Fans of intentionally reclusive rock group Black Moth Super Rainbow had the opportunity to catch the Pittsburgh, Pa.-based band at 1015 Folsom on Friday. The code-named members initially struggled in the performance, partly distracted by projector technical difficulties, but also trying to overcome an awkward lineup.
The best shows I’ve seen at at 1015 and conjoined sister club 103 Harriet have made good use of the main room’s set-up, alternating between the stage on one side of the room and the DJ booth on the other, keeping the wait time between acts to a minimum. That sort of seamless club flow is pretty essential for jockeys and electronic acts, but not always possible with bands. Since the lineup for the night was mixed and the booth may have been needed for sound engineers, a little lag for set-up was forgivable.*
But what wasn’t so forgivable, was the placement of Zackey Force Funk. Splitting time between tuning up tracks on his laptop and emcee-ing, ZFF’s performance went down like sitting on a friend’s couch while they share their latest iTunes downloads – Flying Lotus, Lazer Sword, Jonwanye – and proceed to mime along and drink Heineken.
If it has a place, it’s as an extremely chill warm-up or as part of a larger group, but not following two bands like Pictorials and Lumerians. Especially since the latter – with a percussive kineticism and vibrant psych tint – could have been a fine lead in to the main act.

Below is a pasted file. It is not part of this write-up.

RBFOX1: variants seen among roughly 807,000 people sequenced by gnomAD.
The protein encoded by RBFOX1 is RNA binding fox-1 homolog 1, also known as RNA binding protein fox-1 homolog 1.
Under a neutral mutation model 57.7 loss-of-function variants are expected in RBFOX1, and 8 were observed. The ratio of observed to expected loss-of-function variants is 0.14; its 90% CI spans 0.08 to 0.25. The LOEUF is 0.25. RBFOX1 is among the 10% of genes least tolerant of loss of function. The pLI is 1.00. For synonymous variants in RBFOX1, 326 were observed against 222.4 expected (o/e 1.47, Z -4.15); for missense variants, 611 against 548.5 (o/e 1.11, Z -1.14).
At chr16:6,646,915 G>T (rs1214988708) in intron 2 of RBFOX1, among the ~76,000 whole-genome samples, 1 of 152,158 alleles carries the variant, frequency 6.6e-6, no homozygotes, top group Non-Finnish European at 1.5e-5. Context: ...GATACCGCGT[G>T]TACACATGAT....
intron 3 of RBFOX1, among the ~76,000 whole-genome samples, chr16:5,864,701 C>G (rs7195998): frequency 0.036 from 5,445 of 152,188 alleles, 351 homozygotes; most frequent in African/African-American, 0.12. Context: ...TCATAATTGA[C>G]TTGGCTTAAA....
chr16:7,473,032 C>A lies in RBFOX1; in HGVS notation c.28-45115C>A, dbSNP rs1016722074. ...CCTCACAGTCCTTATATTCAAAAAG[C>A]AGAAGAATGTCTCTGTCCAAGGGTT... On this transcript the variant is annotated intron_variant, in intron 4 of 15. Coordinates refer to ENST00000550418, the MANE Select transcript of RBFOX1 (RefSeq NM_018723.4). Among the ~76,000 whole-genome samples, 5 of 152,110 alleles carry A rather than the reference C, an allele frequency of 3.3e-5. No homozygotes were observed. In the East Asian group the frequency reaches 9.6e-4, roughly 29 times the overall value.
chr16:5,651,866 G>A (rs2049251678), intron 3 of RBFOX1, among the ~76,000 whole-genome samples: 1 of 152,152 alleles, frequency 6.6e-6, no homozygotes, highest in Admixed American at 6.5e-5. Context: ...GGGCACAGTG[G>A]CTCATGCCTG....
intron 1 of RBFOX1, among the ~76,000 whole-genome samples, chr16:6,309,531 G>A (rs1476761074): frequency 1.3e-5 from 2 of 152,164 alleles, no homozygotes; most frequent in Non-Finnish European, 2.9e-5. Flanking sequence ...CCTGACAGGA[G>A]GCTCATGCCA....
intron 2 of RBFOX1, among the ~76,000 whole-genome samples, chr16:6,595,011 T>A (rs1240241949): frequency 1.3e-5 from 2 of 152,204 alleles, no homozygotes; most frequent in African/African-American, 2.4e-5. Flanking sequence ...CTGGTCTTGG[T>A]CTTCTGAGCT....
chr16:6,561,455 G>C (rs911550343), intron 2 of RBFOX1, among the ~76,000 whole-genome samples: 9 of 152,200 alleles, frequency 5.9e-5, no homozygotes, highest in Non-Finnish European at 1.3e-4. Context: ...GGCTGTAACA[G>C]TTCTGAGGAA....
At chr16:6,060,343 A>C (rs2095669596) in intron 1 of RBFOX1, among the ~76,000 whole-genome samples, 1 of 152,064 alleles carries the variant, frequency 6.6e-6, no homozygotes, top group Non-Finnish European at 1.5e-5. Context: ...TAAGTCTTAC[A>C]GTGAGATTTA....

As its set progressed, BMSR, with a somewhat lackadaisical air, built gradually into a rhythm. It never strayed too far from subdued, vocoded vocals against consistent, slow crashing beats, peaking on the oddly inviting “Sun Lips” from Dandelion Gum.
It seemed to do the job for the crowd, manifesting in extremely calm mosh pits and a few stage divers, one of whom – ouch – went straight to the floor. (Remember to look before you leap.)
I’d been curious what Gramatik would do to close out the night. The producer’s latest EP on Pretty Lights Music, #digitalfreedom, features an expansive sound, complete with forays into Bassnectar-like ADHD beats, but nothing that I imagined gelling with BMSR.
There was little sense of urgency, but Gramatik, accompanied by a guitarist, seemed to essentially disregard what came before, getting into a hard set that was light on overused drops and heavy on soul hooks. It was probably the best plan. The crowd had thinned between sets, and the bar was closed by that point, but as the set went on, the dancers, who may have been waiting all along, trickled back into the main room.
*No machine is 100% efficient, but some of the heat, otherwise lost, can still be used to do work.